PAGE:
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India currency crackdown spurs digital wallet use

MUMBAI (NewsRise) -- India's move to ban high-value currency notes to weed out unaccounted wealth has stirred a boom in digital wallets industry, but retaining the growth momentum remains a key challenge.

Earlier this month, the Indian government abruptly withdrew 500 and 1,000 rupee notes -- about 85% of the currency in circulation -- in a bid to flush out unaccounted money and curb corruption. The ensuing cash shortage has triggered a surge in the number of people using alternative payment platforms such as digital wallets using their smartphones.

Mobile payments and digital wallet company Paytm, backed by China's Alibaba Group Holding, Monday said it has served over 45 million users and signed up over five million new users since the crackdown on illicit cash. Paytm, which has 150 million digital wallet users, said it saw 25 million offline transactions amounting to 1.50 billion rupees ($22 million) in the last six days.

Last week, smaller rival Oxigen Services India said the company has seen the value of money loaded on its OxigenWallet prepaid visa cards increase four times since the cash ban.

"The daily average number of users has also increased by 167% which is clearly showing a trend that people are adopting new ways to make cashless transactions," Sunil Kulkarni, deputy managing director of Oxigen Services, said in a statement.

Mobile wallets have been growing at a steady pace over the last couple of years amid a boom in India's e-commerce sector, as millions of Indians get online to purchase everything from books to electronic goods and apparels. According to data from Zinnov Management Consulting, the size of digital wallets market in India is likely to touch $8 billion by 2020.

But retaining the recent spurt in growth after India's cash economy comes back to life poses a major hurdle to these businesses as shifting attitudes and changing behavior happen over a longer period of time, analysts say.

The surge in adoption is "a temporary blip," until sufficient amount of fresh currency comes into the market, said Arvind Singhal, chairman of retail advisory firm Technopak Advisors. "I don't see a behavioral change in the consumption pattern of the country, especially linked to payment, in the next four or eight weeks."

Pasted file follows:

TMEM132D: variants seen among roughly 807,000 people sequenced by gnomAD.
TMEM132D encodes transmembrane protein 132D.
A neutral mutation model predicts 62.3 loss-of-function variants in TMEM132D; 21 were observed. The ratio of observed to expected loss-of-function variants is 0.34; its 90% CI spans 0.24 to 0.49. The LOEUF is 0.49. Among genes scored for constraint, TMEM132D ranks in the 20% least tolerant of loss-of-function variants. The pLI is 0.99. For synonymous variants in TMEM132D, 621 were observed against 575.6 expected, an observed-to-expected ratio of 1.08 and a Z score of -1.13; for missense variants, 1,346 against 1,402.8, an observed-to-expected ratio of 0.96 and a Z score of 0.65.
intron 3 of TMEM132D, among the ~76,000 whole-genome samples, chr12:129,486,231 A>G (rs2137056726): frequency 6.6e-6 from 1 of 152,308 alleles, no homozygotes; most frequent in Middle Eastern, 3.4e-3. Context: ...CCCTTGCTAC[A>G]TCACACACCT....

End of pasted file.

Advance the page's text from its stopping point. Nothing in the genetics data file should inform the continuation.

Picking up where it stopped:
According to Singhal, the prospects for e-wallet companies are "very positive" five years from now, when the government's Unified Payments Interface system that integrates several major banks with their mobile apps takes off. "This change is a work in progress and would take three to five years."

Some experts say the best way to retain users on mobile payment platforms is by getting on board as many vendors as possible.

"You need to make the service ubiquitous - wherever people go and whatever they do they will be able to use the wallet, like online shopping, retail shops, restaurants, grocery, etc.," said Sandy Shen, research director at research firm Gartner. "When you have the ubiquity, at least the wallet is accepted as widely as cash."

India's fast pace of adoption of smartphones has lured top venture capitals to bankroll several digital wallet companies. Rising disposable incomes, a relatively younger population, and a fast pace of roll-out of high-speed Internet services is fuelling the proliferation of smartphones in the south Asian country that is home to more than a billion phone users.

According to research firm Strategy Analytics, India will overtake the U.S. to become world's largest smartphone market after China by next year.

Last year, Alibaba and its financial-services affiliate Zhejiang Ant Small & Micro Financial Services Group invested over $500 million for a 40% stake in One97 Communications, the parent of Paytm, whose mobile app can be used to pay for Uber rides and electricity bills. Alipay is China's biggest mobile-payment service.

In August, Taiwanese chip maker MediaTek agreed to invest $60 million in Paytm, in a deal that values the Alibaba Group-backed firm at $4.80 billion.

According to Gartner's Shen, in addition to services such as loyalty, rewards and coupons that incentivize people to use such payment platforms, the most important thing to keep the momentum is to offer "good user value" over what they are using today.

"This won't be achieved overnight, as it takes time to build the ecosystem and value proposition and make people realize that."

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